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As I say, you can draw the line in different places.
Nodes have identity. Atomic values and sequences don't. Creating
something with identity is a side-effect. XPath expressions don't have
side-effects because they don't create things with identity. XSLT
instructions do have side effects, because executing an instruction
twice produces two different nodes. Therefore you can do heavier
optimization at the XPath level than at the XSLT level. There is a logic
to it, however imperfect.
There is another logic as well. Things that are needed both in XQuery
and in XSLT should ideally be done the same way in both. That keeps the
total set of specifications smaller: less to implement, less to test,
less to learn. Many users will be using both languages. The argument
that XPath should be the "greatest common subset" of XQuery and XSLT
isn't an overriding one (for example we have chosen to keep function
definitions separate, despite the argument that users may have to write
the same function twice), but it's a factor to take into account.
> -----Original Message-----
> From: David Carlisle [mailto:firstname.lastname@example.org]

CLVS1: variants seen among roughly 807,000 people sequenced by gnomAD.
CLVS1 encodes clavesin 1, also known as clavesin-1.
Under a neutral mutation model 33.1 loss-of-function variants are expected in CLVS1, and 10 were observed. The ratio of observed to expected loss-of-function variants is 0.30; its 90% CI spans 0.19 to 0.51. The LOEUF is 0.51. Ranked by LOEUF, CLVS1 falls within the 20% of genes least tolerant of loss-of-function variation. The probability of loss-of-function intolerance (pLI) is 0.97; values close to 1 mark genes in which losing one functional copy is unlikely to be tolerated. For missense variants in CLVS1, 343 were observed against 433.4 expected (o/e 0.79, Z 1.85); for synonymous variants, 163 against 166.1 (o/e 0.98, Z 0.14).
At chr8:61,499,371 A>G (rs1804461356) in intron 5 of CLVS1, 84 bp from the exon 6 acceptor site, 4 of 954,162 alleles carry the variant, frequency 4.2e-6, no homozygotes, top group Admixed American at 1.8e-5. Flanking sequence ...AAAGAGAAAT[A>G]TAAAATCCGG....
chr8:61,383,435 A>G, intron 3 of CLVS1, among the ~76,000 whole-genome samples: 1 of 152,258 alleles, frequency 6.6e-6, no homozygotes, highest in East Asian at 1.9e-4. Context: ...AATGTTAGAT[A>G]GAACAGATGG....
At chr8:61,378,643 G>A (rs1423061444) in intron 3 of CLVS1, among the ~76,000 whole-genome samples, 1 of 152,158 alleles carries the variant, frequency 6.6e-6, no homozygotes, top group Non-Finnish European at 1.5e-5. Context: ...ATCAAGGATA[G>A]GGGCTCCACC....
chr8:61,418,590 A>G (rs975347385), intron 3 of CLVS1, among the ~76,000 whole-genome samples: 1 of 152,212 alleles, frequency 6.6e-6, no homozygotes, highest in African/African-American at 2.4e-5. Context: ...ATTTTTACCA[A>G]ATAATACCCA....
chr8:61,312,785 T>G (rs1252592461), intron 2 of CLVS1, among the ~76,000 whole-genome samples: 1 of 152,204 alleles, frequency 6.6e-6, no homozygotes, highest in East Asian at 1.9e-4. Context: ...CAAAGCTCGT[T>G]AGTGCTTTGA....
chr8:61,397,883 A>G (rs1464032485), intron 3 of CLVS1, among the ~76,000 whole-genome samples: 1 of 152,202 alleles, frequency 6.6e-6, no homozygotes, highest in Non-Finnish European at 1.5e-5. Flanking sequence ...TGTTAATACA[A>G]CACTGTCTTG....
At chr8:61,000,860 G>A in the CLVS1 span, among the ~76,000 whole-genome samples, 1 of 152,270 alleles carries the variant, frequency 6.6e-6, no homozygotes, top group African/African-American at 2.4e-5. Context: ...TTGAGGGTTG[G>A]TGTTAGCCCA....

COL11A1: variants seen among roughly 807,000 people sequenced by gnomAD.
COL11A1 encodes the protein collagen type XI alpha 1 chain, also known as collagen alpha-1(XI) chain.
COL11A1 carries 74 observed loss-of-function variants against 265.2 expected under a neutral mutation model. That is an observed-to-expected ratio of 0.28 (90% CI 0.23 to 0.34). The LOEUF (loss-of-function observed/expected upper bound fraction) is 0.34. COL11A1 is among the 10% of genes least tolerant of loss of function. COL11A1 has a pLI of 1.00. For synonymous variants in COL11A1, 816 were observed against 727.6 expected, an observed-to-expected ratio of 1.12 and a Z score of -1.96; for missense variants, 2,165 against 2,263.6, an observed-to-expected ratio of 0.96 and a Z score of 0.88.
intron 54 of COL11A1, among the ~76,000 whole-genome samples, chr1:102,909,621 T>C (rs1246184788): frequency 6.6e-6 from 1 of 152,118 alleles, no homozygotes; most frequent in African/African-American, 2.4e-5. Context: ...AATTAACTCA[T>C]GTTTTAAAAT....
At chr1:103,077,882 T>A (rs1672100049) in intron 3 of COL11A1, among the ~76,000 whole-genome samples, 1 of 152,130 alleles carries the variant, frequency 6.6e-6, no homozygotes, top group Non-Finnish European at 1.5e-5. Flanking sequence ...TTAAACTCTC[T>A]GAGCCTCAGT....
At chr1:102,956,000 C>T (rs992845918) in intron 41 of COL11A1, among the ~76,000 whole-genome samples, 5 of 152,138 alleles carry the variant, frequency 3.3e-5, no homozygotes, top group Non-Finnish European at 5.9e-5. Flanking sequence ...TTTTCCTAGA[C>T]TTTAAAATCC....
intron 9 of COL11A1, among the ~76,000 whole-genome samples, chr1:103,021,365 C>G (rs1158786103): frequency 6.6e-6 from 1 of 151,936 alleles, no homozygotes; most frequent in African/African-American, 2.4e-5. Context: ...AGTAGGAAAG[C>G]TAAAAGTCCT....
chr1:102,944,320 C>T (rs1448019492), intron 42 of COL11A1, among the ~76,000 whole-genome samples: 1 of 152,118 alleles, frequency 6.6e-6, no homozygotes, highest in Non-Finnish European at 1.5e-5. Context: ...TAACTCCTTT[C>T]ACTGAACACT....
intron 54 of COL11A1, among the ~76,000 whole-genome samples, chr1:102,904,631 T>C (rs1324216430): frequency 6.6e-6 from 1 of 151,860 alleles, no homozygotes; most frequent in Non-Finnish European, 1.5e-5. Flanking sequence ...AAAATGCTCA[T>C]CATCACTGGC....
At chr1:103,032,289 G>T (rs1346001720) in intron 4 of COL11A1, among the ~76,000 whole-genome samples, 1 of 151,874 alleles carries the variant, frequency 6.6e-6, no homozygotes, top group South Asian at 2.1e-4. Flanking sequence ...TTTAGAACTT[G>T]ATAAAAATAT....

> Sent: 10 May 2002 16:16
> To: email@example.com
> Cc: firstname.lastname@example.org
> Subject: Re: [xml-dev] XPath 2.0 - how much of XQuery should
> it include?
> I accept that it has to be an arbitrary choice but
> Drawing the line here
> puts sequence construction firmly on the XPath side of the
> boundary, because a sequence is a value.
> But nodes are also values, so node construction also sits
> firmly in XPath, but basically that says to junk XSLT and to
> use Xquery.
> Looking at Xpath2 that is the distinct impression that is
> given, that XSLT is being marginalised. Maybe that wasn't the
> intended impression but it is no less real for that.
> Sequences are the Xpath2 replacement for node sets, so if it
> makes sense for XSLT to construct node sets it should make
> sense for it to construct sequences.
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